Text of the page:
The Business of Fashion
Agenda-setting intelligence, analysis and advice for the global fashion community.
Agenda-setting intelligence, analysis and advice for the global fashion community.
Fashion – along with the rest of the world – has had a rough 2020. At VOICES, BoF’s annual gathering for big thinkers, this year held digitally, speakers didn’t sugarcoat the scale of the challenges facing the industry, the global economy and the wider world.
Dambisa Moyo, an economist and author, compared the demand shock brought on by Covid-19, rising debt levels and the contraction in global trade to conditions in 1929 at the onset of the Great Depression. Venture capitalist Roger McNamee blamed Facebook, Amazon and other tech giants for a “cascading series of catastrophes going from the online world into the real world.” UK Member of Parliament David Lammy noted how rising inequality and a shrinking safety net left disadvantaged communities particularly vulnerable to the pandemic.
For fashion, these global concerns hit close to home. The trade war between the US and China had disrupted the apparel supply chain even before sales nosedived during the spring lockdowns. Brands are struggling to convince customers to return to stores, and face an uncertain future online where Facebook, Amazon and Google dominate the advertising market. This summer’s protests against racial injustice and police brutality exposed deep inequalities along racial and gender lines, forcing brands to reckon with their own lapses.
And yet, many who spoke at VOICES on Monday saw opportunity in the current crises to take action against big tech monopolies, to fight systemic racism and to fundamentally rethink what makes us happy and how we define the “good life” to which we aspire.
“If you look at the last decade or two, you find lots and lots of growth, the Dow Jones shooting past 30,000, historically low unemployment, yet we see wellbeing stagnating,” said Jan-Emmanuel De Neve, Professor of Economics & Director, Wellbeing Research Centre, University of Oxford. “We need to think differently. Covid is an opportunity for us to transition to a world where we put wellbeing and mental health much more centre stage.”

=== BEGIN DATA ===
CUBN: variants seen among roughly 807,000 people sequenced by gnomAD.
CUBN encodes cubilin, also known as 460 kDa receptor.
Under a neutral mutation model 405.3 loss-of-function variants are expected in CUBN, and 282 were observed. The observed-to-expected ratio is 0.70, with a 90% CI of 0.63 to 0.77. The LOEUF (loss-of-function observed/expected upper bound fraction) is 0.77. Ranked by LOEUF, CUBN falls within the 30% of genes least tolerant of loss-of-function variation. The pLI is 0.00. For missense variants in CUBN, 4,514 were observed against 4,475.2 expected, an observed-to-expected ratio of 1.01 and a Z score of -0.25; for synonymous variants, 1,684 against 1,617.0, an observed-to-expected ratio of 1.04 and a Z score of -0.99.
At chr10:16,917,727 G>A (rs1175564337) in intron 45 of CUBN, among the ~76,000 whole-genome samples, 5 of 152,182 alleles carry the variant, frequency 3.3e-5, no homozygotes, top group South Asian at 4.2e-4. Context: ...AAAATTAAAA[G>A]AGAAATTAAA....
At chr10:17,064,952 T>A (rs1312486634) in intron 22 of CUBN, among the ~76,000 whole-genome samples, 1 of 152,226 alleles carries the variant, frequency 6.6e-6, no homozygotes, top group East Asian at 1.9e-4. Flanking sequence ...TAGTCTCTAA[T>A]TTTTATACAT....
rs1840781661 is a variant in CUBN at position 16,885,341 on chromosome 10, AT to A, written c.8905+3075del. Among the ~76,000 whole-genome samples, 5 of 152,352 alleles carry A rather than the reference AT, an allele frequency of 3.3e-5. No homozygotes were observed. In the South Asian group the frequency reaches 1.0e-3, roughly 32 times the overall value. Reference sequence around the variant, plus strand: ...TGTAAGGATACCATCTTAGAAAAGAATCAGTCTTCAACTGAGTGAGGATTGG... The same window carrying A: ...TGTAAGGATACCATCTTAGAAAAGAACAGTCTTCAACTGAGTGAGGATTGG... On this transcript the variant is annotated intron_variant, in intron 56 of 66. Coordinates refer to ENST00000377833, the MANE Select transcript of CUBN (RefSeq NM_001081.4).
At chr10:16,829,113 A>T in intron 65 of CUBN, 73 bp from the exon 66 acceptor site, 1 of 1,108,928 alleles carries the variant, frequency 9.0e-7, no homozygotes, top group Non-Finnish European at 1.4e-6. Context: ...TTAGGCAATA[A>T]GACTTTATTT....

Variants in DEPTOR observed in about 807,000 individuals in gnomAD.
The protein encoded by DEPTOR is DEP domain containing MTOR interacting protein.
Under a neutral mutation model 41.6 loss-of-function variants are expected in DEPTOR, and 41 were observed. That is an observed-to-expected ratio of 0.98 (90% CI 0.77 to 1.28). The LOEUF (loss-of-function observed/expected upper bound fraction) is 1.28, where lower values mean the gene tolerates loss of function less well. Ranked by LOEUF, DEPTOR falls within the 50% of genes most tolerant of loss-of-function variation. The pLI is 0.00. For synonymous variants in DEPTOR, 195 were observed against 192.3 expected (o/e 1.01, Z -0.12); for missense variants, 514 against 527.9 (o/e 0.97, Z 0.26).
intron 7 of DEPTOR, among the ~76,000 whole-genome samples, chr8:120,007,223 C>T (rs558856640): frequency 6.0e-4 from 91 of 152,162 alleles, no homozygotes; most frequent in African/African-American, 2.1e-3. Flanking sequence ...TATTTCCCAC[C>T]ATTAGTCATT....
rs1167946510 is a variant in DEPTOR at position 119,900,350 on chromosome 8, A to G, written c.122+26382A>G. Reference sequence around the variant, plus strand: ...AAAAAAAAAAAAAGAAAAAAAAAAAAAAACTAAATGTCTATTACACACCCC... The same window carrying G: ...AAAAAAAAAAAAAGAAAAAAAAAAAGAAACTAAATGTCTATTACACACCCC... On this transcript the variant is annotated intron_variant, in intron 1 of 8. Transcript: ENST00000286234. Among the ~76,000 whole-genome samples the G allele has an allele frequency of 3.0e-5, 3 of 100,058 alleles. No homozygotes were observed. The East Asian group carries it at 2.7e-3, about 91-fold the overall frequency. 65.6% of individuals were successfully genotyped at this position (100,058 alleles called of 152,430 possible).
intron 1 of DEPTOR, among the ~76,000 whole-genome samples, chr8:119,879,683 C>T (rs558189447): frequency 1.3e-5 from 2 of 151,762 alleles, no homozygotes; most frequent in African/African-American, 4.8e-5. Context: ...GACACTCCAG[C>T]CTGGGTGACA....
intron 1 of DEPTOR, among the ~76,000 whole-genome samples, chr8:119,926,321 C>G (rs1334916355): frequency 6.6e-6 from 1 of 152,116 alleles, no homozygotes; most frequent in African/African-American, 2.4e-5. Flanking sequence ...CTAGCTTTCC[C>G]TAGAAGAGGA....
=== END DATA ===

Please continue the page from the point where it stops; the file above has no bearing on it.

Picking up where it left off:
Below are some highlights from the first day of Voices, distilled down for BoF Professionals:
The Era of De-Globalisation
In her comparison to 1929, Moyo addressed the shift toward “de-globalisation,” highlighting how the world’s major economies are ratcheting up barriers to trade and immigration. One of her fellow panelists, Axios financial journalist Felix Salmon, described a “balkanisation” of the world economy after decades of closer ties, with nations and companies forced to choose between aligning themselves with China or the US. Covid-19 has only accelerated this trend, as China’s economy quickly bounced back, Salmon said, even as “the rest of the world is kind of imploding.”
He speculated that if globalisation is to make a return, it may involve Chinese innovations making their way to the global market rather than Western companies entering China – think TikTok’s trajectory, on a grand scale. Despite painting a bleak picture, Moyo said she was “optimistic in many respects,” particularly about technology’s ability to revolutionise education and healthcare. Sinovation Ventures CEO Kai-Fu Lee, a third panelist, said China and America can’t reach their full potential in isolation. “If we only look to China … [it’s like] going to school to study and only looking at the odd pages,” he said.
Learning From the Spanish Flu
In her talk, science journalist Laura Spinney looked to the last global pandemic for inspiration: the “Spanish Flu” of 1918. Then as now, social distancing was the primary means of preventing infection, and many countries struggled to contain the disease. There are some key differences, however. In 1918, there was no vaccine and the flu killed anywhere from 50 million to 100 million people. Covid-19 has killed at least 1.5 million people, but a number of vaccines may be just months away from global distribution.